By Jason Davis – WASHINGTON, DC (Mar 10, 2021) US Soccer Players – On Tuesday, Clint Dempsey turned 38 years-old. Retiring during the 2018 Major League Soccer season, Dempsey and his story hold a special place in the hearts of American soccer fans. He represents a platonic ideal of populist soccer achievement in a country that wages continual internal battles over access to the sport. Dempsey doesn’t fit the well-heeled suburban youth club profile of the typical American soccer player. He arrived on the scene at a time when stories like his were in short supply.
Throw in a few details unique to Dempsey and his upbringing, and he begins to sound more like a character from a movie than a real person. Hollywood hasn’t yet made the movie about the American soccer player from Texas who plays his way to the big stages of Europe. If they did, Dempsey is the model.
Dempsey’s story began in the Texas town of Nacogdoches, a burg of 33,000 that sits near the state’s eastern border, halfway between Dallas and Houston. It’s exactly the kind of place that tests American soccer’s ability to scout and nurture talent. With no professional outfit nearby and only a few major college soccer programs in the region, the path for Dempsey from precocious youngster to the USMNT and the Premier League wasn’t just unclear. It practically didn’t exist.
Your take on youth development in this country determines how loud Dempsey’s story resonates. The family commitment to create opportunities even if it meant long drives. Getting overlooked by the college powers. Drafted 8th overall by New England. Eventually emerging not just as a generational player but a unique personality. All of these feed into the Dempsey story.
For every player, eventually making it to the World Cup and the Premier League would highlight what it took to get there. For Dempsey, it underlines those issues discovering talent in a country the size of the United States. Playing with an edge and a confidence that most Americans seemed to lack, Dempsey built his game into something undeniable.
Even if you don’t buy Dempsey as the progenitor of an American soccer youth movement, his story is powerful as an example of what a kid of lesser means can become if our nation removes more barriers to access. The American soccer landscape has changed dramatically since Dempsey’s experience in Texas. Weston McKennie’s experience is just one example. That doesn’t mean that the work is complete.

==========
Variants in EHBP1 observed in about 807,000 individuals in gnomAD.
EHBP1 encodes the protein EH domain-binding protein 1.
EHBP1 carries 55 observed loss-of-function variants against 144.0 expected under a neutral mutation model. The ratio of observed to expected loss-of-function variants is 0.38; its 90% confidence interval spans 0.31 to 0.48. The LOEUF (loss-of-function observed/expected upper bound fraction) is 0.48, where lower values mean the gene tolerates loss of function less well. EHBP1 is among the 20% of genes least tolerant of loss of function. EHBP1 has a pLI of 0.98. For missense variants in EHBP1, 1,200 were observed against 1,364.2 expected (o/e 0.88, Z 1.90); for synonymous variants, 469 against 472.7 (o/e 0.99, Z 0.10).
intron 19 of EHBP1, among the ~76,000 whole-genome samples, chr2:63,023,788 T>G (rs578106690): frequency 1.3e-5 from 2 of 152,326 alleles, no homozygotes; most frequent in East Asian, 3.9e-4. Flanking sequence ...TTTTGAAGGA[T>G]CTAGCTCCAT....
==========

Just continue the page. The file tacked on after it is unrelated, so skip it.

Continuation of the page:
With Dempsey’s career done and his legacy secure, his story remains attractive because it speaks to an imagined untapped potential in American soccer. Investment over the past ten years and the arrival of the elite American player on the world scene justified some of that potential. Still, as the American soccer ecosphere becomes better at producing players, the bar moves higher and higher.
At no point does Dempsey’s story need to be retired because only world dominance could satisfy those who see soccer’s structures as problematic. In one way they’re right. There’s no reason to be satisfied as long as some talented players don’t get the opportunity their skill deserves. In another way overstating the latent talent in the United States shifts focus from improving other areas of the game.
Something unique is about to happen with Dempsey’s story. It will soon need telling to American soccer fans who didn’t experience his career while it was happening. It’s worth asking how that new generation of fans contextualizes the career of a player whose most celebrated moment came against a massive club that now features an American player.
Will Dempsey’s story still be as magical with the standard for American soccer excellence elevated to some of the biggest clubs in the world? As the window of experience shifts and American fans know of Dempsey only through YouTube videos and stories told by older fans, he might move further into the realm of myth. A lower-middle-class kid from a small town in Texas making it to the Premier League before MLS even had working academies will sound almost impossible.
Dempsey’s retirement was also a step back from the game. It’s a choice, and it’s his, bypassing the kind of work that would keep him in the conversation. It’s worth wondering what that will mean moving forward. There’s that air of legend simply because he’s not doing much talking.
Whatever happens to Dempsey’s story as it ages in the years ahead, nothing can change the influence of Dempsey the player. Back when Americans weren’t supposed to be cocky on a soccer field when the ceiling for an American player was a year or three in a middling European league, Dempsey proved something else was possible. That pivotal moment in American soccer history will always be worth celebrating.
More From Jason Davis:
- Chris Henderson and Inter Miami’s quick revamp
- Sebastian Lletget and another new look for the LA Galaxy
- CF Montreal regroups
- Americans in Turkey’s Super Lig
Photo by Mark Thorstenson – ISIPhotos.com